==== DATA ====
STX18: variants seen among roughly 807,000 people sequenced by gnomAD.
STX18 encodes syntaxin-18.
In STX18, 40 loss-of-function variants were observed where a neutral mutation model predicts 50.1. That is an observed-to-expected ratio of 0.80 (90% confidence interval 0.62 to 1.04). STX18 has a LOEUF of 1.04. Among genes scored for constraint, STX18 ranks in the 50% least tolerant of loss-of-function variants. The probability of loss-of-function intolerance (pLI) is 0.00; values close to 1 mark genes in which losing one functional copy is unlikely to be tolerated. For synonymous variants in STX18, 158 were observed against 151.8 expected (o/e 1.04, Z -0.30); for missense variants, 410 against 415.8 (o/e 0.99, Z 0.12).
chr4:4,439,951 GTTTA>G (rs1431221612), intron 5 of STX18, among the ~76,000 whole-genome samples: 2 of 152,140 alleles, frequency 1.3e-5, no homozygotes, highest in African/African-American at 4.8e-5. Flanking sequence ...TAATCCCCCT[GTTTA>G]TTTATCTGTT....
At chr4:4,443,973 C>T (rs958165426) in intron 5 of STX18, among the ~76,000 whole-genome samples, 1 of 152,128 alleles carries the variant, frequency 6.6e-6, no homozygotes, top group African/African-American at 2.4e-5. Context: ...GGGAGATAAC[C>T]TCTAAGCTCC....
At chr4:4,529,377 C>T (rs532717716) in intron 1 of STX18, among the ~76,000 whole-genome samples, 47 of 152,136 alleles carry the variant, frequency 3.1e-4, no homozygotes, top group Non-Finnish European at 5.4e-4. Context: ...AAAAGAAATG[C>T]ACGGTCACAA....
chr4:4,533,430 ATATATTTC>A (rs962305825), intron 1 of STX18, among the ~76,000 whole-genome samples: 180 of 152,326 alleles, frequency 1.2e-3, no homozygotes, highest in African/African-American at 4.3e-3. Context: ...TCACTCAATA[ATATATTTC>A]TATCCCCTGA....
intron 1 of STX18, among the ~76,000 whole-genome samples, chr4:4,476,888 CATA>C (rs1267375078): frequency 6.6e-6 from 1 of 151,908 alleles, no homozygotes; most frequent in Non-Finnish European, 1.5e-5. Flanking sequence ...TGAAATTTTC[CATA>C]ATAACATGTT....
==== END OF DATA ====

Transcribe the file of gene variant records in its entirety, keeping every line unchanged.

STX18: variants seen among roughly 807,000 people sequenced by gnomAD.
STX18 encodes syntaxin-18.
In STX18, 40 loss-of-function variants were observed where a neutral mutation model predicts 50.1. That is an observed-to-expected ratio of 0.80 (90% confidence interval 0.62 to 1.04). STX18 has a LOEUF of 1.04. Among genes scored for constraint, STX18 ranks in the 50% least tolerant of loss-of-function variants. The probability of loss-of-function intolerance (pLI) is 0.00; values close to 1 mark genes in which losing one functional copy is unlikely to be tolerated. For synonymous variants in STX18, 158 were observed against 151.8 expected (o/e 1.04, Z -0.30); for missense variants, 410 against 415.8 (o/e 0.99, Z 0.12).
chr4:4,439,951 GTTTA>G (rs1431221612), intron 5 of STX18, among the ~76,000 whole-genome samples: 2 of 152,140 alleles, frequency 1.3e-5, no homozygotes, highest in African/African-American at 4.8e-5. Flanking sequence ...TAATCCCCCT[GTTTA>G]TTTATCTGTT....
At chr4:4,443,973 C>T (rs958165426) in intron 5 of STX18, among the ~76,000 whole-genome samples, 1 of 152,128 alleles carries the variant, frequency 6.6e-6, no homozygotes, top group African/African-American at 2.4e-5. Context: ...GGGAGATAAC[C>T]TCTAAGCTCC....
At chr4:4,529,377 C>T (rs532717716) in intron 1 of STX18, among the ~76,000 whole-genome samples, 47 of 152,136 alleles carry the variant, frequency 3.1e-4, no homozygotes, top group Non-Finnish European at 5.4e-4. Context: ...AAAAGAAATG[C>T]ACGGTCACAA....
chr4:4,533,430 ATATATTTC>A (rs962305825), intron 1 of STX18, among the ~76,000 whole-genome samples: 180 of 152,326 alleles, frequency 1.2e-3, no homozygotes, highest in African/African-American at 4.3e-3. Context: ...TCACTCAATA[ATATATTTC>A]TATCCCCTGA....
intron 1 of STX18, among the ~76,000 whole-genome samples, chr4:4,476,888 CATA>C (rs1267375078): frequency 6.6e-6 from 1 of 151,908 alleles, no homozygotes; most frequent in Non-Finnish European, 1.5e-5. Flanking sequence ...TGAAATTTTC[CATA>C]ATAACATGTT....